When it comes to the impact of the virus on fashion, and the many people whose jobs are dependent on the sector, this is merely the tip of the iceberg. By pausing much Chinese manufacturing, and arresting the spending of the nation’s middle classes, the virus looks set to upend the industry from factory to shop floor. Indeed, shares in luxury brands including LVMH and Kering have already fallen. China’s importance to the luxury sector is well documented but the virus will bring it into even sharper focus.

Urbanism / USA

Chain reaction

Mobility is all well and good but you need to have a willing populace. A recent paper from Cornell University and the University of Maryland in the US shows that a certain amount of laziness is hampering the uptake of bike-share schemes throughout the country. The findings suggest that even a short saunter of a few blocks to the nearest bicycle is too much for some. The takeaway? Such networks have the possibility to radically alter the way we live but increased density (which might get around that walking problem), better planning and proximity to rail and bus routes are key. What’s certain is that cycle schemes done right have never been more popular around the world (Hangzhou has the largest docked fleet in the world, with an arsenal of 86,000 bikes), leaving little doubt that pedal power is here to stay.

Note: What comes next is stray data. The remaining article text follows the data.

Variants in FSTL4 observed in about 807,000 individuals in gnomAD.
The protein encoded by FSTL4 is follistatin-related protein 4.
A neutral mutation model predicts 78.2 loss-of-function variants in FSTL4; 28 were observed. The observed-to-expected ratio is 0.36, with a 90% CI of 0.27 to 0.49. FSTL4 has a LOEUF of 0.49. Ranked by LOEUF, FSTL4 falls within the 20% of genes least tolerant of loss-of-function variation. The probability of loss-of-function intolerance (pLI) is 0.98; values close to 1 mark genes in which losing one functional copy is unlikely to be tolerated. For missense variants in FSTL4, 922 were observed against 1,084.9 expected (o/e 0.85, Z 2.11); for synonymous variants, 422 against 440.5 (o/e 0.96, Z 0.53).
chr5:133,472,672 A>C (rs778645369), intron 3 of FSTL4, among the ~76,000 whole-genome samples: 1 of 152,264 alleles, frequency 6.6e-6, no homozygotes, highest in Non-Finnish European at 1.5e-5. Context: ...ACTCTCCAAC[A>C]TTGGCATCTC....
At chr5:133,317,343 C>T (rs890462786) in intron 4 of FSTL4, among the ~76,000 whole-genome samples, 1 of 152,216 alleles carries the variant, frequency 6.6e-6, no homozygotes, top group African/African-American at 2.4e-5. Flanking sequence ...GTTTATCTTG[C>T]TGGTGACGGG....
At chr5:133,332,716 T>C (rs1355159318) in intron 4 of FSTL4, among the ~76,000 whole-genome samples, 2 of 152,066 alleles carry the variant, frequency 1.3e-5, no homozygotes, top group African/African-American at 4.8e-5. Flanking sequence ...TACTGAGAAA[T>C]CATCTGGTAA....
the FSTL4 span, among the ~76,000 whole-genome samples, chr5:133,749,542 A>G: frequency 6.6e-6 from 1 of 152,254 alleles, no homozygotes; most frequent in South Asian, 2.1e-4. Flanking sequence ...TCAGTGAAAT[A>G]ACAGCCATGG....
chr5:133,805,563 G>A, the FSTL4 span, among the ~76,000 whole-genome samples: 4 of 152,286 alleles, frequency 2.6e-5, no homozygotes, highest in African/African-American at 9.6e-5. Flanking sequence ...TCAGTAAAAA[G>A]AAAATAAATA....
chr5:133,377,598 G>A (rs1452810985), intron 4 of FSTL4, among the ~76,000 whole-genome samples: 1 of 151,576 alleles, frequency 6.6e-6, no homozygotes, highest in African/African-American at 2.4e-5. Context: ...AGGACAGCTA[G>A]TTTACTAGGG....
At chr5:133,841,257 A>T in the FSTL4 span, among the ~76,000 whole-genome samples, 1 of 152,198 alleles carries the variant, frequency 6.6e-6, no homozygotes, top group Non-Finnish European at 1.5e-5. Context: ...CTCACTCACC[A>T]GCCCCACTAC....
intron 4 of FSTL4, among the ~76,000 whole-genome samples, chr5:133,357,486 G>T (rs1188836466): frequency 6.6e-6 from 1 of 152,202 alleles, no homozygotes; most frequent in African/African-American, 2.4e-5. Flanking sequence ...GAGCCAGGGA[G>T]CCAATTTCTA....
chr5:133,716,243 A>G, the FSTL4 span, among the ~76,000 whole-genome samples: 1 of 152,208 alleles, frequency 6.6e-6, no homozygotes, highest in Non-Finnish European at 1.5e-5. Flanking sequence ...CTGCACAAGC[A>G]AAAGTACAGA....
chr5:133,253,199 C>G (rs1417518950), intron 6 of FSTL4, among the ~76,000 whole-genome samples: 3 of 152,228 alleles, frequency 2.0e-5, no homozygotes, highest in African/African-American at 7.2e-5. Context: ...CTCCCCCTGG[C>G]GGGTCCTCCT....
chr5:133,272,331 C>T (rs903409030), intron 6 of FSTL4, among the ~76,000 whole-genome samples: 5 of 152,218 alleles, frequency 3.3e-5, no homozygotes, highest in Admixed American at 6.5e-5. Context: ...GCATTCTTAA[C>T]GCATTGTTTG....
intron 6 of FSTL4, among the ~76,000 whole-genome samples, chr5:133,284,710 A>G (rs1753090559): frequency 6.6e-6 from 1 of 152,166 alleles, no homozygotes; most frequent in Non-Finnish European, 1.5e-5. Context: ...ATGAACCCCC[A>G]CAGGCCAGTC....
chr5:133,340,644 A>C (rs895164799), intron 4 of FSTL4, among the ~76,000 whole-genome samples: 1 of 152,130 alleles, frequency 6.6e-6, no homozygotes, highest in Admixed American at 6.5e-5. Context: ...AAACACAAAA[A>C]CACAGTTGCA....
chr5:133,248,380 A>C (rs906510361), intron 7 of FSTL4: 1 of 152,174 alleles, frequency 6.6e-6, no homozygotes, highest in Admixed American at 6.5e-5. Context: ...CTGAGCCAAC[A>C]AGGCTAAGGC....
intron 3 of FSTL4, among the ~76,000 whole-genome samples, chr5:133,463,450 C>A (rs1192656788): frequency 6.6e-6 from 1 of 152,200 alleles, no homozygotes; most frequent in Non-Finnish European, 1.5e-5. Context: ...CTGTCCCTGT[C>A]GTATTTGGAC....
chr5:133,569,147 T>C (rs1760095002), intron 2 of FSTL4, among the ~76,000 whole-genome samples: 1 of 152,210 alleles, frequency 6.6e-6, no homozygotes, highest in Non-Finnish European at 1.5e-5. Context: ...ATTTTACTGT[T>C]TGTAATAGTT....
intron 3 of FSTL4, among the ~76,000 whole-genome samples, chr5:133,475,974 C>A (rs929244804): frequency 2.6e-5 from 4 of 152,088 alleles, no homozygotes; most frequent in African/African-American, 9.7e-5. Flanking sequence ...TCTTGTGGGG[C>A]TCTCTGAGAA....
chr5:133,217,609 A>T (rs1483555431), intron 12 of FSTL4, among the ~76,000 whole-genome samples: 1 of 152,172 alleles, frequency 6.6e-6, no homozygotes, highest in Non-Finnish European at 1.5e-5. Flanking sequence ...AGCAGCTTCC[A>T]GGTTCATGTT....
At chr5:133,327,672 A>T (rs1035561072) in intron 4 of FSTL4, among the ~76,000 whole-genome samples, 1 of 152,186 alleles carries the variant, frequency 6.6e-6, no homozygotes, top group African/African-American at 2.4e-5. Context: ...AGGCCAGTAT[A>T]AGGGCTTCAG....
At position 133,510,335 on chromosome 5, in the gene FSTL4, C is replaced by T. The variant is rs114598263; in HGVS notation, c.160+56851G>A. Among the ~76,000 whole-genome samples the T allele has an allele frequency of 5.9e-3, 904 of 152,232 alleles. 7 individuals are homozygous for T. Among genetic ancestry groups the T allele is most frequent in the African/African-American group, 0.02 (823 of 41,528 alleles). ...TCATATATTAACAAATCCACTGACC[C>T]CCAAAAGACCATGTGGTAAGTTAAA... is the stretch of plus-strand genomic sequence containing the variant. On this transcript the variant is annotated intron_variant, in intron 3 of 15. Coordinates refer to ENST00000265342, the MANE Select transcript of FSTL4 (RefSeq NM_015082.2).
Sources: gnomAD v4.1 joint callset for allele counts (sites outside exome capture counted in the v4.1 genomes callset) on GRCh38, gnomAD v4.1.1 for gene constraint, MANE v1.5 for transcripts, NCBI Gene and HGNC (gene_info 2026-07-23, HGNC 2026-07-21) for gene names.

Design / Stockholm

Stock in trade

Stockholm Design Week is in full swing and while the events and showcases across the city don’t match Milan’s major design week in terms of scale, its quality-over-quantity approach is impressing industry players. “It’s a well-curated week of quality shows and exhibitions,” says Singaporean creative director Gabriel Tan at a showcase for his new “Made in Portugal” design brand Origin at Asplund (pictured), a Stockholm interiors shop. “There is also more of a calm attitude here than at Milan Design Week. You can meet people from the industry and members of the press without feeling like you’re always in a hurry.” Those in the market for viewing new releases in said relaxed setting should visit the exhibits of Swedish bedding specialist Hästens and Danish furniture-maker Gubi in the central district. Meanwhile the city’s old National Archive has opened its doors for the first time for a Stockholm Design Week exhibition that’s attracting a creative crowd.

M24 / The Foreign Desk

Explainer 201: Who was Mad Mike Hoare?

The true story of Mad Mike Hoare is a throwback to a time when foreign policy could be made by a planeload of middle-aged white guys with guns taking over entire countries. Although this business model is now – thankfully – frowned upon, it has by no means disappeared. Andrew Mueller discusses the mercenary’s legacy.

Monocle Films / Turkey

Building a place for culture

We visit a Kengo Kuma-designed art museum in Eskisehir that’s set to become Turkey’s new cultural hotspot.